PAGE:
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Rated for 540 MBps (read) and 500 MBps (write), the Seagate BarraCuda Fast SSD is a midprice portable SSD that doesn’t dishonor its name. In most of our performance tests, its results were at the top edge of the midrange.
It looks cool, too: a svelte, rectangular slab of black metal with a raised square in the center, beneath which a flash of green may be glimpsed. (This lights up in a satisfying sci-fi way when the drive is connected.)
Like other Seagate drives, it’s pretty bare-bones in terms of software but includes that two-month membership to the Adobe Creative Cloud Photography Plan. And the BarraCuda Fast isn’t the cheapest USB 3.0 drive out there: If raw space is all you’re concerned with, you can do better.
But factoring together the storage space, speed, and visual spark, the BarraCuda Fast SSD gives you quite a bit for your money.
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The Seagate Backup Plus Ultra Touch is a portable HDD-based external hard drive for people who care at least as much about how their drive looks as how it functions (and maybe more).
It blends the traditional boxy look of a hard drive with a more contemporary, yet still restrained, aesthetic comprising solid-color sides and back with a carpeted-feeling front panel. (A color-coordinated 19.3-inch USB Type-A cable is included for connecting to your computer, as is a Type-C adapter.)
The software is all the same as with the Backup Plus Portable, though in many cases this drive’s performance was a little better in our tests. The Backup Plus Ultra Touch’s two capacity options are highly affordable, so you can adopt the drive’s style without spending like it’s going out of style.
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Despite measuring only 4.5 x3.2 x 0.8 inches — only slightly larger than a deck of cards — the HDD-based Seagate Backup Plus Portable packs either 4TB or 5TB of storage. (Our review unit was the former.)
After your drive is registered, you can download Toolkit to enable automatic file backups or Mylio, for organizing your photos. (A two-month membership to the Adobe CC Photography Plan, which includes Lightroom and Photoshop for organizing and editing your photos, is provided as well.)
But with square corners and an antiquated, two-tone design, the drive isn’t a looker. And it finished near the bottom of all of our performance tests.
That’s been the thing about spinning hard drives (HDDs) for a decade: You pay for the cheap space with all the time you won’t save. But if you need a spacious drive, but don’t mind if it’s simple and slow, too, the Backup Plus Portable is not a terrible choice.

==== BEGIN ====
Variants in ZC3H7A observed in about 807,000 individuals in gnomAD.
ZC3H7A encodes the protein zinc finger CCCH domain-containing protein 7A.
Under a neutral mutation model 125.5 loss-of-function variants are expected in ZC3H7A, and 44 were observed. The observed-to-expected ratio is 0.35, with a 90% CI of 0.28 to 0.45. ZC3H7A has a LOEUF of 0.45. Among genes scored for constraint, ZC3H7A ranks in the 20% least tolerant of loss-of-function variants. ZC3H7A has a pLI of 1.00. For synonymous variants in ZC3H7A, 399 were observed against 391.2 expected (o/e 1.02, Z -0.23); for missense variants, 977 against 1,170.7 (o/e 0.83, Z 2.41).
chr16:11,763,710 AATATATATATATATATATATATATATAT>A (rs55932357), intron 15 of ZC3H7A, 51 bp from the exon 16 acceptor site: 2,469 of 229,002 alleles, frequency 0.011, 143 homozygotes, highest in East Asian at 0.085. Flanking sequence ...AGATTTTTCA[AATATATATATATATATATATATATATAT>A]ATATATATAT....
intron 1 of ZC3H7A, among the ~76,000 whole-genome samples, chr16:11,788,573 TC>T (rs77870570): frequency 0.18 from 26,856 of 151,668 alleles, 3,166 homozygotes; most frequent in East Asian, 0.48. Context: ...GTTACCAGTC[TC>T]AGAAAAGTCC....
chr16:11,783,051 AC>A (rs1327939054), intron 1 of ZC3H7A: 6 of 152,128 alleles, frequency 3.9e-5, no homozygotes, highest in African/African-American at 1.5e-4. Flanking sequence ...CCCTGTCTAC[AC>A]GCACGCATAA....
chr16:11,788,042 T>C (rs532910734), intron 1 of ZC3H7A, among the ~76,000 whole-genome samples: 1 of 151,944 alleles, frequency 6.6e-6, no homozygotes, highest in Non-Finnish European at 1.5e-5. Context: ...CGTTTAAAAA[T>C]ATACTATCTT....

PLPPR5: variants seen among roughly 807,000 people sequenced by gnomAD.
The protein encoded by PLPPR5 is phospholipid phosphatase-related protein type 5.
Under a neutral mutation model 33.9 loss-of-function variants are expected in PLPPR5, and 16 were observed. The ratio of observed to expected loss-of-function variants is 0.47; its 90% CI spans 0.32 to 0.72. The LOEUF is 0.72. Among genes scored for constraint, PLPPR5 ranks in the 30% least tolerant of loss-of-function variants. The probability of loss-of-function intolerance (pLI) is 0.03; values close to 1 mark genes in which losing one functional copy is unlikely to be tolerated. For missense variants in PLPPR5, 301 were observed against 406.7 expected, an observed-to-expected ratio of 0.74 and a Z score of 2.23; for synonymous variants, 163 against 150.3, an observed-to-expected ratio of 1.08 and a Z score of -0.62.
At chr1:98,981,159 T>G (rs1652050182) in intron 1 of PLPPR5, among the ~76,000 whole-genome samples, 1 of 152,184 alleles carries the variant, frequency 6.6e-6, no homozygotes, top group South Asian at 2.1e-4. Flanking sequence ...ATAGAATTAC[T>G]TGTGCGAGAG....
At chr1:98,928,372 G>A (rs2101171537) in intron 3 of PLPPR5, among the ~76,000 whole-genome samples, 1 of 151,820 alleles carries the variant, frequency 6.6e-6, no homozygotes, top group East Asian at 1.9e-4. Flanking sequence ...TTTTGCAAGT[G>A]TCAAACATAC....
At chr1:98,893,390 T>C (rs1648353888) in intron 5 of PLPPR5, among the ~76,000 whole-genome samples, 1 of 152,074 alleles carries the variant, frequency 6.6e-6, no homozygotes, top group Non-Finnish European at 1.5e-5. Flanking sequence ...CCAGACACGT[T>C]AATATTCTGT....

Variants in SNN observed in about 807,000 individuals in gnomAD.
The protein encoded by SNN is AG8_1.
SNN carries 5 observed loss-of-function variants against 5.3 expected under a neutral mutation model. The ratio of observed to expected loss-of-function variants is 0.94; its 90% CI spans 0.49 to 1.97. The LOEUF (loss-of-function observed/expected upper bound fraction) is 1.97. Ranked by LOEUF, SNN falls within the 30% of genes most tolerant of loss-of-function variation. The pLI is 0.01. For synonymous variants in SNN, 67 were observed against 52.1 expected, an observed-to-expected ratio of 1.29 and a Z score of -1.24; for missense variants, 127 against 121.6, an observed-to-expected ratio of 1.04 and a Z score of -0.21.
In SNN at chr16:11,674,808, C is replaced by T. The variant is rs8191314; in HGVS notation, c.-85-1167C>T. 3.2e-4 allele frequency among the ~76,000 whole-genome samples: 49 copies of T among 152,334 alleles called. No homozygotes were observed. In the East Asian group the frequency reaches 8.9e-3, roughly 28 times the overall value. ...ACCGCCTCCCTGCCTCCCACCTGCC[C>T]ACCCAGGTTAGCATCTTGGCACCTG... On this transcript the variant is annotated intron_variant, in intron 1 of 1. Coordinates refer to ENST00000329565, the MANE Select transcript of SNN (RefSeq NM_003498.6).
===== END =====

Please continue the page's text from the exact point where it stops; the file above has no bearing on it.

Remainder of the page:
How to choose the best external hard drive for you
Do you care more about speed, capacity, or price? If it’s the first, SSDs store data in flash memory rather than on spinning platters the way traditional hard drives do and thus operate a whole lot faster. The interface can also make a difference; Thunderbolt 3 will be a lot faster than USB, for example.
For capacity, traditional hard drives (HDDs) offer a lot more options, but SSDs are generally able to house the same amount of storage in a smaller amount of space.
As for price, it’s possible to find huge hard drives (think 4TB) for $100 or less. SSDs are nowhere near that inexpensive, but smaller drives (1-2TB) can be found from just over $100 to $200 or more.
If a drive’s looks matter to you, you’ll definitely have choices. Manufacturers these days frequently market portable drives as fashion accessories, selling them in various sizes, shapes, and colors.
How we test external hard drives
We hooked up each external hard drive to a current-generation Dell XPS 17 laptop, using the best connection interface available to that drive, always in the same port, to minimize performance differentials.
Then we ran the same series of synthetic and real-world tests on the drives in the same order, so every drive would function as much as the others as possible. Our test suite comprised:
- BlackMagic Disk Speed Test 3.2.1 (5GB stress loads)
- CrystalDiskMark 7.0.0 (8GB workloads, single-thread sequential read and write, queue depths of 1 and 8)
- PCMark 10 Data Drive Benchmark
- Future File Transfer Test (25GB)
Finally, we delve into the drives’ technology, features, aesthetics, cables and adapters, and other characteristics to get a broader picture of what the drives offer. Where necessary, we run other tests on the drives’ unique features to see how well they worked under real-life conditions and whether they’re likely to benefit you.